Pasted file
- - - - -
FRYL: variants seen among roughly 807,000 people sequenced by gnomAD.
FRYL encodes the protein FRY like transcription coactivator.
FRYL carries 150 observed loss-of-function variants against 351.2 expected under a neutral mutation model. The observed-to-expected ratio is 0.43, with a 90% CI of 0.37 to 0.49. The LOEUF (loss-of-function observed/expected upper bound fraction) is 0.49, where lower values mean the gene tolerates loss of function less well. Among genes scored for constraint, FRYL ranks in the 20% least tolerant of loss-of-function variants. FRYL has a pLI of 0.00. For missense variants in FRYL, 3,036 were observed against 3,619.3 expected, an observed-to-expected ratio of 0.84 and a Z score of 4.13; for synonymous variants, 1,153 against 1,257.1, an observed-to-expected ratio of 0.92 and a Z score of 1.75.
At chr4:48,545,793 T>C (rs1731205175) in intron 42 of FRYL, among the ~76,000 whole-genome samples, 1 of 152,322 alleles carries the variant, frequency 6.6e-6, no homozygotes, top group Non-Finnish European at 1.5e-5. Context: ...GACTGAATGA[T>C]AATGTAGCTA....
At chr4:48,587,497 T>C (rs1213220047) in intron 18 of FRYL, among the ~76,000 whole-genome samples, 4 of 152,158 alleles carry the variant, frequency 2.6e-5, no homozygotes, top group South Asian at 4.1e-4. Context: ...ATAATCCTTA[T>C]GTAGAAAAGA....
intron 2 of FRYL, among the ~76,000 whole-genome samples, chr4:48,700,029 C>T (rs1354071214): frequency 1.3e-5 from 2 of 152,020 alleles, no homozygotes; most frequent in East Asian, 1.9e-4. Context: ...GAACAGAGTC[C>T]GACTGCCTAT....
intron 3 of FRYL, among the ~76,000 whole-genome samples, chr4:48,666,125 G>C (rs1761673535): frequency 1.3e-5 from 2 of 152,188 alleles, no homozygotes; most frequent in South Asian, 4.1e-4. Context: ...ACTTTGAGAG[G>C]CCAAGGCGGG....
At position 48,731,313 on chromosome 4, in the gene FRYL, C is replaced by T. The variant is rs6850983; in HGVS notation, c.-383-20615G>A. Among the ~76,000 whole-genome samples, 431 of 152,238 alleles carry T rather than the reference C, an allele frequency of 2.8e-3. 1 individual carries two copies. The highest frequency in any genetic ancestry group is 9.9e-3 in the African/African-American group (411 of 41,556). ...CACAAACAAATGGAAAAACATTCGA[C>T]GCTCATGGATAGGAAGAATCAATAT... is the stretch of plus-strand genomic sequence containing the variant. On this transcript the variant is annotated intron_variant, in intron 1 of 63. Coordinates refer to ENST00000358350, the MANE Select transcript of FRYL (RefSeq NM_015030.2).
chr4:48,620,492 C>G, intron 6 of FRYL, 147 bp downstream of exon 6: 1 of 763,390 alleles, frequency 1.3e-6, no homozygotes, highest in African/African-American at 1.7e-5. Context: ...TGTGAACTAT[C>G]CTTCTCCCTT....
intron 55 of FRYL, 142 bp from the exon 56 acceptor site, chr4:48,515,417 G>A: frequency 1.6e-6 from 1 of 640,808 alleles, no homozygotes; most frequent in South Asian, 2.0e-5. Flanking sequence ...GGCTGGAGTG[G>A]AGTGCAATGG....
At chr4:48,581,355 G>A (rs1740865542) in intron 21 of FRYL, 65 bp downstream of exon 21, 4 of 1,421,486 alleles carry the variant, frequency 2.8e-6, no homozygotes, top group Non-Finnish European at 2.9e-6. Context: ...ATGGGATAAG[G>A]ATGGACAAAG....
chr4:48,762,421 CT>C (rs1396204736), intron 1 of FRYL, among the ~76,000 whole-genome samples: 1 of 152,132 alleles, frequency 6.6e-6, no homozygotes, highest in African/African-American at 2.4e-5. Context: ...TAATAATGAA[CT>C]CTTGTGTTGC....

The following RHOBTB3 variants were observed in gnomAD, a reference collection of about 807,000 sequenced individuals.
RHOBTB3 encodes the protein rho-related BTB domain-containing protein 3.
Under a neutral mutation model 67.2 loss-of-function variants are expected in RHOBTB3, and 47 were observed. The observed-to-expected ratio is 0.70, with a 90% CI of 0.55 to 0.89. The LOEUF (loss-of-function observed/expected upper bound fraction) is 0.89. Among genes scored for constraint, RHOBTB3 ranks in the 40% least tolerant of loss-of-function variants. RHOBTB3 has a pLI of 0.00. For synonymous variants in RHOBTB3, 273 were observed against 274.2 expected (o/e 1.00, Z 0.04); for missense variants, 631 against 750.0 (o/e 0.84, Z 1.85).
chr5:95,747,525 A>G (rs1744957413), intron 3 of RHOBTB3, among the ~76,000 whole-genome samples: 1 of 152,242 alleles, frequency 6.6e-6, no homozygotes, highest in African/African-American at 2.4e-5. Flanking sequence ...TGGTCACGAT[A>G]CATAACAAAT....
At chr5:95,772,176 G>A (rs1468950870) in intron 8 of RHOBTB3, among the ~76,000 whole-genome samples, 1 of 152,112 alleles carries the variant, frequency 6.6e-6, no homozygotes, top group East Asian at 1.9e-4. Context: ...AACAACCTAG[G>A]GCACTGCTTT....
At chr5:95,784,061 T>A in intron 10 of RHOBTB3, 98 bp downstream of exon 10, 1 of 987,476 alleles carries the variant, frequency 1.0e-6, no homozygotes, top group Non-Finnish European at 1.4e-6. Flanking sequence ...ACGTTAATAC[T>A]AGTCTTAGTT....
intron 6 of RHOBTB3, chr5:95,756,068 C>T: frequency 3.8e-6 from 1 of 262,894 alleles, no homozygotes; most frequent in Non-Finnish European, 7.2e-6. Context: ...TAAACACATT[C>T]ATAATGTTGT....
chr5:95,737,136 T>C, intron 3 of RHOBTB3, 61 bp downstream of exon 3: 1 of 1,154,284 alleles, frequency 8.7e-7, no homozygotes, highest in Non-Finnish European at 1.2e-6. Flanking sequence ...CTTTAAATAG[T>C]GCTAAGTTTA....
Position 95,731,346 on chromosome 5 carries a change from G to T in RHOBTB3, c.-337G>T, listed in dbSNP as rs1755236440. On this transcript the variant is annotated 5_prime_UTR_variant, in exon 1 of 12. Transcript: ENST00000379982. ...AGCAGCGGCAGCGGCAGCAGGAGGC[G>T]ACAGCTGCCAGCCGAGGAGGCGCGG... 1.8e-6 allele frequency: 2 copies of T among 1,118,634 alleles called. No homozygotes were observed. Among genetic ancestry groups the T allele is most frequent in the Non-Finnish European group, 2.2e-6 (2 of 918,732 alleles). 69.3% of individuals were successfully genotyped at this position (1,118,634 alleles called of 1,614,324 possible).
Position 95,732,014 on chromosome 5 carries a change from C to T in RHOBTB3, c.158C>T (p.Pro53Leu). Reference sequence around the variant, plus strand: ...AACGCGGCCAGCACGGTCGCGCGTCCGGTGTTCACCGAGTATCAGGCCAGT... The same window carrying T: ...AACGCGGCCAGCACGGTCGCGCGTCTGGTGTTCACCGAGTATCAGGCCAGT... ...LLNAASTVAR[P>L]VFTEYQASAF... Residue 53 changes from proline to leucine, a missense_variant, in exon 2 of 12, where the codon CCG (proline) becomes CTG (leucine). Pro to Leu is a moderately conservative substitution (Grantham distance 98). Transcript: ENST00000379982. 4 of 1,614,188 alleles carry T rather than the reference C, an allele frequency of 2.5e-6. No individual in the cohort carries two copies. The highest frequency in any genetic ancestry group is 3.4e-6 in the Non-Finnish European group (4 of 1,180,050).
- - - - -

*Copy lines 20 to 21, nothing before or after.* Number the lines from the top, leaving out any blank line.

chr5:95,737,136 T>C, intron 3 of RHOBTB3, 61 bp downstream of exon 3: 1 of 1,154,284 alleles, frequency 8.7e-7, no homozygotes, highest in Non-Finnish European at 1.2e-6. Flanking sequence ...CTTTAAATAG[T>C]GCTAAGTTTA....
Position 95,731,346 on chromosome 5 carries a change from G to T in RHOBTB3, c.-337G>T, listed in dbSNP as rs1755236440. On this transcript the variant is annotated 5_prime_UTR_variant, in exon 1 of 12. Transcript: ENST00000379982. ...AGCAGCGGCAGCGGCAGCAGGAGGC[G>T]ACAGCTGCCAGCCGAGGAGGCGCGG... 1.8e-6 allele frequency: 2 copies of T among 1,118,634 alleles called. No homozygotes were observed. Among genetic ancestry groups the T allele is most frequent in the Non-Finnish European group, 2.2e-6 (2 of 918,732 alleles). 69.3% of individuals were successfully genotyped at this position (1,118,634 alleles called of 1,614,324 possible).